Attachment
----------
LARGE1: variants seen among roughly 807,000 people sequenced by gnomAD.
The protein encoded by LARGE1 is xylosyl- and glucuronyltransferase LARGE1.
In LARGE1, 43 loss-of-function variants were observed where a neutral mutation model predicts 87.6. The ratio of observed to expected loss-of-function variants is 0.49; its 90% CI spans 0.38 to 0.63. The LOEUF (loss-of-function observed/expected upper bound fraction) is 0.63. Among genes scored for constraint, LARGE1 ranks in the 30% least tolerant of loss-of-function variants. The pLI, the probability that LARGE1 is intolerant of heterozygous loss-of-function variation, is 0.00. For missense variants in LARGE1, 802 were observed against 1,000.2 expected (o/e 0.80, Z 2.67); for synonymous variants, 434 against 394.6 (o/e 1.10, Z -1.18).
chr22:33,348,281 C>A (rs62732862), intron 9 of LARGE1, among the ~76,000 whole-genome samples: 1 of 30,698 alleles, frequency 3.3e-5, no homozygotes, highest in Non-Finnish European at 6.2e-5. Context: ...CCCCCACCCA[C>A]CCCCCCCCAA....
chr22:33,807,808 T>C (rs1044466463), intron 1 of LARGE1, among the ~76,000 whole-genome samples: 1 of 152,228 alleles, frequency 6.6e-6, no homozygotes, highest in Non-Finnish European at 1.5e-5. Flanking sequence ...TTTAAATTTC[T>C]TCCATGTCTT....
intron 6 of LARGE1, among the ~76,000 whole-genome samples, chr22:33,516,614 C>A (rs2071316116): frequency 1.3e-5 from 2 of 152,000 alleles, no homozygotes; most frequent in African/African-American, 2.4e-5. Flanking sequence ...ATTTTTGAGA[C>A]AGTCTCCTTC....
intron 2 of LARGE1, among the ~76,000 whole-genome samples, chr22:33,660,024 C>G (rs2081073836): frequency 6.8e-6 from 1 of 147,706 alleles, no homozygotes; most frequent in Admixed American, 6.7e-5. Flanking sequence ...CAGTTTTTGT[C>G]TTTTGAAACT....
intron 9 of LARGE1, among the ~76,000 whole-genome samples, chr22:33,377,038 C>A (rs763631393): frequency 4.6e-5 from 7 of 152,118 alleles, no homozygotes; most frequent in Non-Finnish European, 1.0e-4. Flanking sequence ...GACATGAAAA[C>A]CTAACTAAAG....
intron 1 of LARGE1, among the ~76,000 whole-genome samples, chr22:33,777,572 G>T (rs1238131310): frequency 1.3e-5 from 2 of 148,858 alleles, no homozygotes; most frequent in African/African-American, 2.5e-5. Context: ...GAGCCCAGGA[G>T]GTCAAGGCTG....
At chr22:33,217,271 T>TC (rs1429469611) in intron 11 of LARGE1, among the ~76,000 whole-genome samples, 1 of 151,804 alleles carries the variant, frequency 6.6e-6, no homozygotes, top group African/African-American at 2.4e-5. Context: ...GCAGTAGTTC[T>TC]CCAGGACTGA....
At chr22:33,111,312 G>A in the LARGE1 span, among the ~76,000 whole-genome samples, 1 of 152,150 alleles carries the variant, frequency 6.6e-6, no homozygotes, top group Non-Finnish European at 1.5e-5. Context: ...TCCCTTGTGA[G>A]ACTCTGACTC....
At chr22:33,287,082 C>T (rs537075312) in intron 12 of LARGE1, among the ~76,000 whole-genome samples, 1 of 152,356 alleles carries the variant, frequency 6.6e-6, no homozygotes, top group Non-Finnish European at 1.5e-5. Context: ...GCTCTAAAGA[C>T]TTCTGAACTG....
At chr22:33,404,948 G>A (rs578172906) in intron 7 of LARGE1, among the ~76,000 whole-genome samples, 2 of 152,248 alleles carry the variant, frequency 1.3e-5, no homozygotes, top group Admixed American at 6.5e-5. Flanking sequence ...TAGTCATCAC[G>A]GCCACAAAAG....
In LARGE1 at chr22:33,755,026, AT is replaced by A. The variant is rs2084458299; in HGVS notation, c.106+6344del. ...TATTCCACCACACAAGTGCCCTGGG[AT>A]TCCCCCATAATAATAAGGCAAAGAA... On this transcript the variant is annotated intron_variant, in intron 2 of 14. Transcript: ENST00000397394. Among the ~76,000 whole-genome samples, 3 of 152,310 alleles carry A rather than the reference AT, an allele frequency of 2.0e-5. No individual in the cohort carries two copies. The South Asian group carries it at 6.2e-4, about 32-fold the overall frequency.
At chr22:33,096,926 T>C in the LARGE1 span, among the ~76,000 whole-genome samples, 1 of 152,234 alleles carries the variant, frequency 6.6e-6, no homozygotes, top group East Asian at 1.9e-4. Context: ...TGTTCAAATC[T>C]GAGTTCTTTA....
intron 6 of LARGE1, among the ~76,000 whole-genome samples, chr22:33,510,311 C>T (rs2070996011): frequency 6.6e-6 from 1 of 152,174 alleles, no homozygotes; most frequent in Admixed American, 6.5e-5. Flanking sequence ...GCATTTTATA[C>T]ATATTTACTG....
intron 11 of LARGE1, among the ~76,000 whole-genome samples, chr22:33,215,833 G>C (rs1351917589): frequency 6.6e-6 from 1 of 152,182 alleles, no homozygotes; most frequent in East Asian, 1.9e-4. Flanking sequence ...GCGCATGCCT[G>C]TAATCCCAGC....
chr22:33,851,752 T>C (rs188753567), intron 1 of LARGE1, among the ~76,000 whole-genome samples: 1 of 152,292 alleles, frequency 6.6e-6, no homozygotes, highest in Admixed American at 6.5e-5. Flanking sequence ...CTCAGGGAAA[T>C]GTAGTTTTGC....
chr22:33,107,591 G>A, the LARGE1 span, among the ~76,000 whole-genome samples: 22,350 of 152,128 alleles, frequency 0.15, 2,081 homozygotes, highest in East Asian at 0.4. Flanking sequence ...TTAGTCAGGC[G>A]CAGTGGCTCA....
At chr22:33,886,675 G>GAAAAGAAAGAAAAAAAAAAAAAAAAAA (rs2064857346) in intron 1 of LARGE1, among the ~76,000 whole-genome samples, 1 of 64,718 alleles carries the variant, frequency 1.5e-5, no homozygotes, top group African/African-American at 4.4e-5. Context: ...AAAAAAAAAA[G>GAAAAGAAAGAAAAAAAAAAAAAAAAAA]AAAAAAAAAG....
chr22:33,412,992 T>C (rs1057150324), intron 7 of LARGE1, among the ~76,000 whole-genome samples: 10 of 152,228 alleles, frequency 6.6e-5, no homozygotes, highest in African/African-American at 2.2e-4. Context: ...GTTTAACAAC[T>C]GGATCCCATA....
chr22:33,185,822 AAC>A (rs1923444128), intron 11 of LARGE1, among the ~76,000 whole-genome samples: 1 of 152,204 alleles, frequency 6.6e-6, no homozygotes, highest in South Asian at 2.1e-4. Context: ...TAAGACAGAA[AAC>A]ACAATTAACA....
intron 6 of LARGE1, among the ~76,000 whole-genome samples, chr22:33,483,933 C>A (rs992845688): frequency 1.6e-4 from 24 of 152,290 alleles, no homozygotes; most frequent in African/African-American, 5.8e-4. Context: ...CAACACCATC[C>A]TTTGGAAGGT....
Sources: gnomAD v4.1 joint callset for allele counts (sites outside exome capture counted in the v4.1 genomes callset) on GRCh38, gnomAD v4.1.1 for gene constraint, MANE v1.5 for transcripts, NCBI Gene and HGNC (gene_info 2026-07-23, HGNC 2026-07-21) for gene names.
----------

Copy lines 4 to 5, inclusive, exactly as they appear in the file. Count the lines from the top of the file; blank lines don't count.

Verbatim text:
chr22:33,348,281 C>A (rs62732862), intron 9 of LARGE1, among the ~76,000 whole-genome samples: 1 of 30,698 alleles, frequency 3.3e-5, no homozygotes, highest in Non-Finnish European at 6.2e-5. Context: ...CCCCCACCCA[C>A]CCCCCCCCAA....
chr22:33,807,808 T>C (rs1044466463), intron 1 of LARGE1, among the ~76,000 whole-genome samples: 1 of 152,228 alleles, frequency 6.6e-6, no homozygotes, highest in Non-Finnish European at 1.5e-5. Flanking sequence ...TTTAAATTTC[T>C]TCCATGTCTT....